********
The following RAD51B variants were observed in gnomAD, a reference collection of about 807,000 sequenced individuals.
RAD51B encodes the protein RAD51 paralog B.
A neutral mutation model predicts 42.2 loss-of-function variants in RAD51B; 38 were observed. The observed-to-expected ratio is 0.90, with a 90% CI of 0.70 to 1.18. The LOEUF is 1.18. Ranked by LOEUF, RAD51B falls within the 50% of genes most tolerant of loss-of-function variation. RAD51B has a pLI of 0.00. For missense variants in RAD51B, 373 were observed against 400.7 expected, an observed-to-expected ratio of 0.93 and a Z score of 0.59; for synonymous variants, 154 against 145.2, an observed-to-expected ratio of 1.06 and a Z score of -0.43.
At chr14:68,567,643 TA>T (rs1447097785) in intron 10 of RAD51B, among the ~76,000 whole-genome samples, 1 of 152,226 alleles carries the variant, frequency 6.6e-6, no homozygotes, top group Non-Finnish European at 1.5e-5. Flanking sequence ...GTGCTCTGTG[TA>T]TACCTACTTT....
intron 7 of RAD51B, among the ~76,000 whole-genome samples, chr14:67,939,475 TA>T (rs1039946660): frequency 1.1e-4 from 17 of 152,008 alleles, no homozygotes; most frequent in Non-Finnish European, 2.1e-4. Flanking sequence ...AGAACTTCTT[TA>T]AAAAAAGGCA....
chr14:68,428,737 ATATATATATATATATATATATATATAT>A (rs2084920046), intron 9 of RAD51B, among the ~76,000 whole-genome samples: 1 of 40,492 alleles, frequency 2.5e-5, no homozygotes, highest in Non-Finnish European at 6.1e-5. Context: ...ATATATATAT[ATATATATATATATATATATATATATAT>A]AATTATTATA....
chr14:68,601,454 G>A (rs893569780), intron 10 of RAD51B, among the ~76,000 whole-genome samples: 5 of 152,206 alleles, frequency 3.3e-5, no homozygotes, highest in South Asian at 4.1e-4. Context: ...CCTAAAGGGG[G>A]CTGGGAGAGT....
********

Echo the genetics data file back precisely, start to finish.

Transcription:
The following RAD51B variants were observed in gnomAD, a reference collection of about 807,000 sequenced individuals.
RAD51B encodes the protein RAD51 paralog B.
A neutral mutation model predicts 42.2 loss-of-function variants in RAD51B; 38 were observed. The observed-to-expected ratio is 0.90, with a 90% CI of 0.70 to 1.18. The LOEUF is 1.18. Ranked by LOEUF, RAD51B falls within the 50% of genes most tolerant of loss-of-function variation. RAD51B has a pLI of 0.00. For missense variants in RAD51B, 373 were observed against 400.7 expected, an observed-to-expected ratio of 0.93 and a Z score of 0.59; for synonymous variants, 154 against 145.2, an observed-to-expected ratio of 1.06 and a Z score of -0.43.
At chr14:68,567,643 TA>T (rs1447097785) in intron 10 of RAD51B, among the ~76,000 whole-genome samples, 1 of 152,226 alleles carries the variant, frequency 6.6e-6, no homozygotes, top group Non-Finnish European at 1.5e-5. Flanking sequence ...GTGCTCTGTG[TA>T]TACCTACTTT....
intron 7 of RAD51B, among the ~76,000 whole-genome samples, chr14:67,939,475 TA>T (rs1039946660): frequency 1.1e-4 from 17 of 152,008 alleles, no homozygotes; most frequent in Non-Finnish European, 2.1e-4. Flanking sequence ...AGAACTTCTT[TA>T]AAAAAAGGCA....
chr14:68,428,737 ATATATATATATATATATATATATATAT>A (rs2084920046), intron 9 of RAD51B, among the ~76,000 whole-genome samples: 1 of 40,492 alleles, frequency 2.5e-5, no homozygotes, highest in Non-Finnish European at 6.1e-5. Context: ...ATATATATAT[ATATATATATATATATATATATATATAT>A]AATTATTATA....
chr14:68,601,454 G>A (rs893569780), intron 10 of RAD51B, among the ~76,000 whole-genome samples: 5 of 152,206 alleles, frequency 3.3e-5, no homozygotes, highest in South Asian at 4.1e-4. Context: ...CCTAAAGGGG[G>A]CTGGGAGAGT....